Seated Forward Bend (Paschimottanasana) is a classic pose from Hatha yoga. The name Paschimottanasana translates to “Intense Stretch of The West,” symbolizing the end of a practice traditionally performed while facing the rising sun.
The term “Paschim” refers to the West side, representing the entire back of the body from the head to the heels. In Paschimottanasana, the focus is on a deep stretch of the back body, including the spine. This pose involves sitting with both legs extended straight on the ground, holding the big toes with your hands, and placing the forehead on the knees, creating a forward bend while seated.
True to its name, Seated Forward Bend provides a profound stretch to the dorsal area of the back, including the spine and muscles. This stretching action helps to unlock the spine and strengthen the muscles of the back.
Start in Dandasana and gently press your sitting bones into the floor (or your prop). Engage your lower belly by drawing it in and lifting it up.
As you take a deep breath in, lengthen your spine, creating space between each vertebra.
On your exhale, fold forward from the hips, maintaining a straight back. Be mindful not to over-fold or strain yourself.
Keep the front of your body elongated and move sequentially from your belly, through your ribcage, chest, and finally your forehead towards your legs.
Allow your arms to glide down along the floor. If your hands can reach your feet, wrap your first two fingers and thumbs around your big toes. Bend your elbows, keeping them lifted away from the floor and pointing out to the sides. Keep your shoulders relaxed and away from your ears. In case you can't reach your feet, use a strap looped around the soles of your feet. Hold the strap with both hands and keep your arms extended.
To deepen the pose, with each inhalation, lengthen the front of your torso and slightly lift your head. With each exhalation, explore the possibility of folding deeper while maintaining a long spine and hinging from the hips. Ensure that your neck remains aligned with your spine. If you are using a strap, gradually walk your hands down the strap as you move deeper into the pose, while keeping your arms straight.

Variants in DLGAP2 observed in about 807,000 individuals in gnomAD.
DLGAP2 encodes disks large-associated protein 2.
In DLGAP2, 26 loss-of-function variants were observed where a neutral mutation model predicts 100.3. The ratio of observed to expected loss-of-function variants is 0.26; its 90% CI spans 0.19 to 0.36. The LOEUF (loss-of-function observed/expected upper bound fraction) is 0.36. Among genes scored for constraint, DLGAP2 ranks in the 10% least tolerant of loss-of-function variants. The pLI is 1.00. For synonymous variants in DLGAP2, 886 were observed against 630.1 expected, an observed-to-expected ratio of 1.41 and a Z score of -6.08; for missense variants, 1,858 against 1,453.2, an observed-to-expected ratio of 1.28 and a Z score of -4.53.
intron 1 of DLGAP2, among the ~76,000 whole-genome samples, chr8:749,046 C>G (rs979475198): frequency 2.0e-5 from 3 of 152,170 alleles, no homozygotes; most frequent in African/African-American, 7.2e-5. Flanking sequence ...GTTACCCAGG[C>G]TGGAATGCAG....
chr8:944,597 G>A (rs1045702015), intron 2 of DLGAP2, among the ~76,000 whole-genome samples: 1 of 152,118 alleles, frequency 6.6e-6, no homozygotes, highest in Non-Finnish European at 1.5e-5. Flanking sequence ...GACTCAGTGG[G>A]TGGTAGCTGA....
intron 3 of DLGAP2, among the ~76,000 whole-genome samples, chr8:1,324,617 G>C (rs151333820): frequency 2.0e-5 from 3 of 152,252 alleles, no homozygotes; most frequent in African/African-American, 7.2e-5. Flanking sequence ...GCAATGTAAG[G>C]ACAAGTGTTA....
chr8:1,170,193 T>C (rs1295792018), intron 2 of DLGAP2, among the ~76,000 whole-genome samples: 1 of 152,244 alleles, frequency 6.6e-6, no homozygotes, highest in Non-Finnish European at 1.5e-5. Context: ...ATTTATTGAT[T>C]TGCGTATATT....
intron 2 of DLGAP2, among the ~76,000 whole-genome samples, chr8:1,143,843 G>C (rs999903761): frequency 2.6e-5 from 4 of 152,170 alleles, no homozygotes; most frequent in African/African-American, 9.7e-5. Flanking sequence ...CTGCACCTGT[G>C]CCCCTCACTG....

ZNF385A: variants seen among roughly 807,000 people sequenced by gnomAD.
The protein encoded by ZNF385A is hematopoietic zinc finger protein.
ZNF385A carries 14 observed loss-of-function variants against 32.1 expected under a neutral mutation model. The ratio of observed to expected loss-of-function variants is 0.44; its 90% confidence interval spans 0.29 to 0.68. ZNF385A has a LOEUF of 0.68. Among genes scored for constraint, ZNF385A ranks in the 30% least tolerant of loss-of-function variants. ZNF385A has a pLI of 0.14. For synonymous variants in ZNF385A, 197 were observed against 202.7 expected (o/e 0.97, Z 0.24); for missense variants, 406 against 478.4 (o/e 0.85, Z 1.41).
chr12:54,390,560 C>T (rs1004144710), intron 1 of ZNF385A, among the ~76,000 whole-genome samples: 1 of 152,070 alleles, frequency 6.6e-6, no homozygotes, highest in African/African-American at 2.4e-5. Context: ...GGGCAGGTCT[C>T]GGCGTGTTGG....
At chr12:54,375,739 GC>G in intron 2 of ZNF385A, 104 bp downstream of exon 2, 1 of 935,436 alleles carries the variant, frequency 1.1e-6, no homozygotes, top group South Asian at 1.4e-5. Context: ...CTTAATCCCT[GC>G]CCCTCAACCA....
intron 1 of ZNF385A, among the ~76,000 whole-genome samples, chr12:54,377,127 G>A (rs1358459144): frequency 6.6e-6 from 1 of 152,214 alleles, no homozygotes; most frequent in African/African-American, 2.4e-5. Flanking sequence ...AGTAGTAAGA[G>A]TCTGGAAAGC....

Benefits and Contraindications
Balances liver, kidneys, adrenal glands, ovaries and uterus
Stretches spine, shoulders, hamstrings and pelvis
Therapeutic for high blood pressure, insomnia, infertility and sinusitis
Pregnancy (2nd and 3rd trimester requires modifications)
Photo poses in different angles
Modifications, Props & Tips
If you are suffering from a herniated or compressed disc in the lower or middle back, or any other spinal issues (e.g. sciatica, SI-joint instability), be careful with this pose.
If you are allowed to do forward bends by your physician, work on creating the movement from your pelvis and keep your spine as
straight as possible (so do not round your nose to your knee).
If the lower back is tight, you can open your legs hip-width apart.
For tight hamstrings, you can bend your knees and support them with a block or folded blanket.
A digital marketer in love with yoga and everything that goes along with it.
In 2021, her huge passion for yoga led her to yoga teacher trainings.
After successfully completing her studies, Iana received her Yoga Alliance U.S. certification, left the corporate IT world and devoted herself to the development of Yanva.
To be able to create the best online yoga space for yoga enthusiasts like her, Iana is constantly learning and improving her skills in various aspects of yoga philosophy, anatomy and biomechanics.
Since 2021, she has continued to attend various types of teacher training, including yoga therapy, gives online and offline classes, and conducts local workshops for people who want to learn more about yoga.
At the moment, Iana continues to work on her personal practice, improving her hand balancing skills, as well as developing her own training programs.